Myotis grisescens - A.H. Howell, 1909
Gray Myotis
Other English Common Names: Gray Bat
Taxonomic Status: Accepted
Related ITIS Name(s): Myotis grisescens A. H. Howell, 1909 (TSN 179997)
Unique Identifier: ELEMENT_GLOBAL.2.104746
Element Code: AMACC01040
Informal Taxonomy: Animals, Vertebrates - Mammals - Bats
 
Kingdom Phylum Class Order Family Genus
Animalia Craniata Mammalia Chiroptera Vespertilionidae Myotis
Genus Size: D - Medium to large genus (21+ species)
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Concept Reference
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Concept Reference: Wilson, D. E., and D. M. Reeder (editors). 1993. Mammal species of the world: a taxonomic and geographic reference. Second edition. Smithsonian Institution Press, Washington, DC. xviii + 1206 pp. Available online at: http://www.nmnh.si.edu/msw/.
Concept Reference Code: B93WIL01NAUS
Name Used in Concept Reference: Myotis grisescens
Taxonomic Comments: Monotypic (Decher and Choate 1995).
Conservation Status
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NatureServe Status

Global Status: G4
Global Status Last Reviewed: 23Mar2015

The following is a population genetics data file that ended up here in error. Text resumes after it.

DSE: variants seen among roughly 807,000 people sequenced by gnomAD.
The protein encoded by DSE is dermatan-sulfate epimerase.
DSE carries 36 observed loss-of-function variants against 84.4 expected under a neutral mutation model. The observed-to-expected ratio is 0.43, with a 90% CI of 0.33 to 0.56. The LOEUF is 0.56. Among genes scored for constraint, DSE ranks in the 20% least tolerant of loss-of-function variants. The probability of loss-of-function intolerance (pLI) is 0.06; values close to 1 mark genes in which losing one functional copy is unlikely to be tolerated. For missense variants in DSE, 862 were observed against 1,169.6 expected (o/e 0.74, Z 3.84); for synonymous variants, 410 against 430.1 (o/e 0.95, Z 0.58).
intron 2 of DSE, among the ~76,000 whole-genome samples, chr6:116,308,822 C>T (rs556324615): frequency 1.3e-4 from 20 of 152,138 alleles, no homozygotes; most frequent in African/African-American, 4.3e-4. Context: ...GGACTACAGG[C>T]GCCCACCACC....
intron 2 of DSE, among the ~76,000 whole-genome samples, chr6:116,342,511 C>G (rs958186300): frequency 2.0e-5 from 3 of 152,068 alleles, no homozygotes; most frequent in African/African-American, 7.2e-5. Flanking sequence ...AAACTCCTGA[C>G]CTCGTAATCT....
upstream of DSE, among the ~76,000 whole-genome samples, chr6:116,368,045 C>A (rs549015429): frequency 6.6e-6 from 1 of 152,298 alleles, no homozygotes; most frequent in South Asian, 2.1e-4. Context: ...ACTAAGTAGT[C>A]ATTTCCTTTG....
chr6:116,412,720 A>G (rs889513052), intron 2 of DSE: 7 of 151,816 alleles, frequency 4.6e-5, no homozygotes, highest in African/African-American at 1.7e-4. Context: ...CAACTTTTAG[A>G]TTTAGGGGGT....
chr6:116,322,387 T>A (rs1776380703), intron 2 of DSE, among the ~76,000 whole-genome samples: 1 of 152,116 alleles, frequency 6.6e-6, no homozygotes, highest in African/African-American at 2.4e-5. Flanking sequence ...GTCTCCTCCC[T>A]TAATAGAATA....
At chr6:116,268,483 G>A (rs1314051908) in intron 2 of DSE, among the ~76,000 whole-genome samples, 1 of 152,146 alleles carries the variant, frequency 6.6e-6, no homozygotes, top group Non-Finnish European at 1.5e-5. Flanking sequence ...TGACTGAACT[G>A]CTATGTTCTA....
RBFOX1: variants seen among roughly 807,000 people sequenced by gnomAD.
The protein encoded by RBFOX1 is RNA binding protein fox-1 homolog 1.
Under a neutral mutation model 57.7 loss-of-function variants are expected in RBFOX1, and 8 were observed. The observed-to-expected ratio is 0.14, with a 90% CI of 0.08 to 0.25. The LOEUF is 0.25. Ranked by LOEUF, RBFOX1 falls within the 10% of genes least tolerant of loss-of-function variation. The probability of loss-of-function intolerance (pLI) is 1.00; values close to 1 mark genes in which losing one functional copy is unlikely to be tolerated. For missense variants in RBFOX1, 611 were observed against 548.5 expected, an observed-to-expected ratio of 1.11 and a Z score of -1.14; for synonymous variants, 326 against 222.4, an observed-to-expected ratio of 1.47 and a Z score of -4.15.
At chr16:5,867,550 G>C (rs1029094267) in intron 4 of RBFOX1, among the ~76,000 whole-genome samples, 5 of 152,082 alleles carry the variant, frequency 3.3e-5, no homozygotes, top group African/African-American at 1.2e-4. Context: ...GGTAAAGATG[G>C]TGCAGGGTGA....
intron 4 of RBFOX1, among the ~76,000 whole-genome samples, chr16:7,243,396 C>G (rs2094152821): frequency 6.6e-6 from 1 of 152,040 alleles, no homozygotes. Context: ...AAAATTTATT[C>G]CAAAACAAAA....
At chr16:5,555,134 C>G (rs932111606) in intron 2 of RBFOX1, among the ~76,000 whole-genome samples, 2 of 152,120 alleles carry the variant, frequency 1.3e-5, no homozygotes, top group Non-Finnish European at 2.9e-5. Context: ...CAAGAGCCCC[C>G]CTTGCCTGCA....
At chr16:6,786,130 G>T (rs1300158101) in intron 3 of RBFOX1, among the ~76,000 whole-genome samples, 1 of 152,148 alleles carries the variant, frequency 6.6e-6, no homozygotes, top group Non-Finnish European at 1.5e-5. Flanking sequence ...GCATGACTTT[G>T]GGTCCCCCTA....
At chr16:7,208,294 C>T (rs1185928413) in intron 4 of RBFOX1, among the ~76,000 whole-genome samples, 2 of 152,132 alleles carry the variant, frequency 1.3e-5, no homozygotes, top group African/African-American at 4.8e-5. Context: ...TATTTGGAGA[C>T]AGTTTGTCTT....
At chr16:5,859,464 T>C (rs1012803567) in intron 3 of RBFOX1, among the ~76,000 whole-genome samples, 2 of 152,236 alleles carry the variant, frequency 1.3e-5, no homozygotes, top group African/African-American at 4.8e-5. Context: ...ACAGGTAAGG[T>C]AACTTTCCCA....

Global Status Last Changed: 23Mar2015
Ranking Methodology Used: Ranked by calculator
Rounded Global Status: G4 - Apparently Secure
Reasons: Essentially restricted to the cave region of the eastern and central United States; many occupied caves (hundreds) exist, and population size is large (a few million), but relatively few caves hold most of the population; total population and number of occupied caves increased in recent decades, due to ongoing cave protection efforts, but some occupied caves remain vulnerable to disturbance. Despite large population size and good recovery, the species is regarded as vulnerable to potential massive mortality from white-nose syndrome (no significant impact was known as of early 2015). The conservation status and rank should be reviewed in the near future as more information becomes available on the impact of white-nose syndrome on this species.
Nation: United States
National Status: N3N4 (02Jun2014)

U.S. & Canada State/Province Status
Due to latency between updates made in state, provincial or other NatureServe Network databases and when they appear on NatureServe Explorer, for state or provincial information you may wish to contact the data steward in your jurisdiction to obtain the most current data. Please refer to our Distribution Data Sources to find contact information for your jurisdiction.
United States Alabama (S2), Arkansas (S2S3), Florida (S1), Georgia (S1), Illinois (S1), Indiana (S1), Kansas (S1B), Kentucky (S2), Missouri (S3), North Carolina (S1), Oklahoma (S2), South Carolina (S1), Tennessee (S2), Virginia (S1)

Other Statuses

U.S. Endangered Species Act (USESA): LE: Listed endangered (28Apr1976)
U.S. Fish & Wildlife Service Lead Region: R3 - North Central
IUCN Red List Category: NT - Near threatened

NatureServe Global Conservation Status Factors

Range Extent: 200,000-2,500,000 square km (about 80,000-1,000,000 square miles)